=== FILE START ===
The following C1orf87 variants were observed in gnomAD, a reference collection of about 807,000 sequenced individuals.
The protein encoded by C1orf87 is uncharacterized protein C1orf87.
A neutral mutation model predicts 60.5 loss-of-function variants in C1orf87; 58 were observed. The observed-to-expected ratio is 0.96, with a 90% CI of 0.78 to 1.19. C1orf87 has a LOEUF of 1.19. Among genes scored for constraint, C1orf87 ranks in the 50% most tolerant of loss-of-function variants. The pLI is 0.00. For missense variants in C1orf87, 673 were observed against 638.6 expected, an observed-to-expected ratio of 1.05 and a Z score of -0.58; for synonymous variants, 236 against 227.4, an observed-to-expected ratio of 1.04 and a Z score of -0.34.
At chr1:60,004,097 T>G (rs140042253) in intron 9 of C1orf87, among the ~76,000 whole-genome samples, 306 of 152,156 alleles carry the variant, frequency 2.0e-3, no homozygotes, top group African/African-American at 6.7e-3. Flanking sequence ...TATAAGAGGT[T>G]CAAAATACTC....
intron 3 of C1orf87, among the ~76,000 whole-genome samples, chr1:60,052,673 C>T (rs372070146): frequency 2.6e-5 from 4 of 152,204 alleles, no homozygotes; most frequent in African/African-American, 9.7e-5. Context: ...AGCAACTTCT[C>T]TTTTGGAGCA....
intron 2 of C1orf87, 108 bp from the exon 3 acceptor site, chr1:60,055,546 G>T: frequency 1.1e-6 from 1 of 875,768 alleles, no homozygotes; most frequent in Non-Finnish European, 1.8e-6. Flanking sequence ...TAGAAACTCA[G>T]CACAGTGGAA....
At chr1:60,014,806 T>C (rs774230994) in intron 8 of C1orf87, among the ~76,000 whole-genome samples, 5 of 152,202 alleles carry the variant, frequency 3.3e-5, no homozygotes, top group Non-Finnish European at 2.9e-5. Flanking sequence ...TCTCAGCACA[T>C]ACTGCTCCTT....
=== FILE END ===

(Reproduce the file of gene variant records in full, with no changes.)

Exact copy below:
The following C1orf87 variants were observed in gnomAD, a reference collection of about 807,000 sequenced individuals.
The protein encoded by C1orf87 is uncharacterized protein C1orf87.
A neutral mutation model predicts 60.5 loss-of-function variants in C1orf87; 58 were observed. The observed-to-expected ratio is 0.96, with a 90% CI of 0.78 to 1.19. C1orf87 has a LOEUF of 1.19. Among genes scored for constraint, C1orf87 ranks in the 50% most tolerant of loss-of-function variants. The pLI is 0.00. For missense variants in C1orf87, 673 were observed against 638.6 expected, an observed-to-expected ratio of 1.05 and a Z score of -0.58; for synonymous variants, 236 against 227.4, an observed-to-expected ratio of 1.04 and a Z score of -0.34.
At chr1:60,004,097 T>G (rs140042253) in intron 9 of C1orf87, among the ~76,000 whole-genome samples, 306 of 152,156 alleles carry the variant, frequency 2.0e-3, no homozygotes, top group African/African-American at 6.7e-3. Flanking sequence ...TATAAGAGGT[T>G]CAAAATACTC....
intron 3 of C1orf87, among the ~76,000 whole-genome samples, chr1:60,052,673 C>T (rs372070146): frequency 2.6e-5 from 4 of 152,204 alleles, no homozygotes; most frequent in African/African-American, 9.7e-5. Context: ...AGCAACTTCT[C>T]TTTTGGAGCA....
intron 2 of C1orf87, 108 bp from the exon 3 acceptor site, chr1:60,055,546 G>T: frequency 1.1e-6 from 1 of 875,768 alleles, no homozygotes; most frequent in Non-Finnish European, 1.8e-6. Flanking sequence ...TAGAAACTCA[G>T]CACAGTGGAA....
At chr1:60,014,806 T>C (rs774230994) in intron 8 of C1orf87, among the ~76,000 whole-genome samples, 5 of 152,202 alleles carry the variant, frequency 3.3e-5, no homozygotes, top group Non-Finnish European at 2.9e-5. Flanking sequence ...TCTCAGCACA[T>C]ACTGCTCCTT....